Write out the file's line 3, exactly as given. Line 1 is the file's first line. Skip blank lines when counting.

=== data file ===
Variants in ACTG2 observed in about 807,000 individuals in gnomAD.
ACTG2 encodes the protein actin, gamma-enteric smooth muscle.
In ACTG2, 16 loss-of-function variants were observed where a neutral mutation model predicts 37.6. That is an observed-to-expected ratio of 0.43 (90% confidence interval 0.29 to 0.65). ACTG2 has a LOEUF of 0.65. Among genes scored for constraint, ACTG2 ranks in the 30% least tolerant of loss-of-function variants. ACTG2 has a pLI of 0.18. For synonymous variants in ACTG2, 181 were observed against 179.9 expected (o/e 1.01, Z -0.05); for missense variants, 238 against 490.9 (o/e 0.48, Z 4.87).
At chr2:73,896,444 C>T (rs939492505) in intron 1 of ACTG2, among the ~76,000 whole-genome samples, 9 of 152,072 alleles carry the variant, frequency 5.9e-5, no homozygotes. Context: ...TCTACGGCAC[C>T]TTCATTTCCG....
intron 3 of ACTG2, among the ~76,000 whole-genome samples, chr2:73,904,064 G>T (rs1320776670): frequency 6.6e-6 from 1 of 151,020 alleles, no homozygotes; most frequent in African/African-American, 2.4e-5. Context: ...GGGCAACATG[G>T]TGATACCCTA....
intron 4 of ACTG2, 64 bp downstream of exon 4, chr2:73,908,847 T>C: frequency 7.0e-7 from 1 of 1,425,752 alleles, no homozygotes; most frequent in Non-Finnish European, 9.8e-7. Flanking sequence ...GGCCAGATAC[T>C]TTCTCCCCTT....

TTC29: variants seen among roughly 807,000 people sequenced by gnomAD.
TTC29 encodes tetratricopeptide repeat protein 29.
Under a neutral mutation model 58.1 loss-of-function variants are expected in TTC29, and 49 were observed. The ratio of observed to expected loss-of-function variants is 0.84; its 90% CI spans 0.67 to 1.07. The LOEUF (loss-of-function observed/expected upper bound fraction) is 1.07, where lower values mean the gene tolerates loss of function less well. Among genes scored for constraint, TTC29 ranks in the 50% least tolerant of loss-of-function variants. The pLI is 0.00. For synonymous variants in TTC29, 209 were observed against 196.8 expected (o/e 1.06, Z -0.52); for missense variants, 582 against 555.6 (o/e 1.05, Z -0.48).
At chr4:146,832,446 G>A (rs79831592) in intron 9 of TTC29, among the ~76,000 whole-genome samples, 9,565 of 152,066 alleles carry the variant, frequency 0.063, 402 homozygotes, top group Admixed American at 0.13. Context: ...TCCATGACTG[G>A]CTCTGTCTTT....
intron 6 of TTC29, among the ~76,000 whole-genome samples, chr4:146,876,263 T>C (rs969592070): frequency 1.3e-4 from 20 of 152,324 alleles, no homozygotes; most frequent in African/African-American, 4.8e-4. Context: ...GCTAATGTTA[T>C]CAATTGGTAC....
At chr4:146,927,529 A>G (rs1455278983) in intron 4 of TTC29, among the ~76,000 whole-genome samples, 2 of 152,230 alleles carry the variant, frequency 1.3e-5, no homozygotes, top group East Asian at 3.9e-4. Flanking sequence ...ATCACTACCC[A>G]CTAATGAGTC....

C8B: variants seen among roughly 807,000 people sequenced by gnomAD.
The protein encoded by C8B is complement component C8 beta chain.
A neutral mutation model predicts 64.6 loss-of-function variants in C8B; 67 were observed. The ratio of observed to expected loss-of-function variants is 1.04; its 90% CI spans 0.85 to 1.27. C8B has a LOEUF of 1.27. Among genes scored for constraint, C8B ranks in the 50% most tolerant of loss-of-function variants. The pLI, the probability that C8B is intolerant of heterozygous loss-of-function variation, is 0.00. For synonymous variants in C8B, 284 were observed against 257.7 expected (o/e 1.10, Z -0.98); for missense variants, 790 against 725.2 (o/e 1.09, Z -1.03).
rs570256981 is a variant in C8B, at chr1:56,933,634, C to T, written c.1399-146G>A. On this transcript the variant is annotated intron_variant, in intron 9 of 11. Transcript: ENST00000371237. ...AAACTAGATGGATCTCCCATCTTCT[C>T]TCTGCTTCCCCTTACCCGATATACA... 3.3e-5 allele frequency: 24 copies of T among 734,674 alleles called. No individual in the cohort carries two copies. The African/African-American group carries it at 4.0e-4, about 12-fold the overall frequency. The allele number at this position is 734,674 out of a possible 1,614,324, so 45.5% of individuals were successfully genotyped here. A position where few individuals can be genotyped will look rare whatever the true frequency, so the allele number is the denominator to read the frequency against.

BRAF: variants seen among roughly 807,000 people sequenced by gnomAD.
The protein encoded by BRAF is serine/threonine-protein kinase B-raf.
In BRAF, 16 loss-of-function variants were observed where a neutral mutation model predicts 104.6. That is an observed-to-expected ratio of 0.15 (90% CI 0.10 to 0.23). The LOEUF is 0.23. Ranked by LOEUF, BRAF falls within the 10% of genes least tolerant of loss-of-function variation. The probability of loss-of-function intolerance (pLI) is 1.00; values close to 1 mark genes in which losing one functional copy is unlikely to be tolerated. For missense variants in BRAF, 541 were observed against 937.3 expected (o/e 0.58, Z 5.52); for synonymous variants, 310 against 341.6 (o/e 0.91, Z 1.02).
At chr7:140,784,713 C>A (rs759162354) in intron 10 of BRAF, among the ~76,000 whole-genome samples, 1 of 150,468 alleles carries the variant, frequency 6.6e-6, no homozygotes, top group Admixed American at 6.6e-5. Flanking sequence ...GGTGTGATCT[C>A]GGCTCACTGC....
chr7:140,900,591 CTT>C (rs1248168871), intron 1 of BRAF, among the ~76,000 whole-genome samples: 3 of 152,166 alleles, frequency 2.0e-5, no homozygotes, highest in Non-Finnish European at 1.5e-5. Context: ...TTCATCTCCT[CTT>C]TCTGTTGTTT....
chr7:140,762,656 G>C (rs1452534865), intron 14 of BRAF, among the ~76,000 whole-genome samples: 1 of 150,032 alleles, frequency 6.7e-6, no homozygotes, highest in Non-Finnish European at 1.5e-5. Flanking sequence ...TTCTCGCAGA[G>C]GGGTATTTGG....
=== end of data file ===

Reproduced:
In ACTG2, 16 loss-of-function variants were observed where a neutral mutation model predicts 37.6. That is an observed-to-expected ratio of 0.43 (90% confidence interval 0.29 to 0.65). ACTG2 has a LOEUF of 0.65. Among genes scored for constraint, ACTG2 ranks in the 30% least tolerant of loss-of-function variants. ACTG2 has a pLI of 0.18. For synonymous variants in ACTG2, 181 were observed against 179.9 expected (o/e 1.01, Z -0.05); for missense variants, 238 against 490.9 (o/e 0.48, Z 4.87).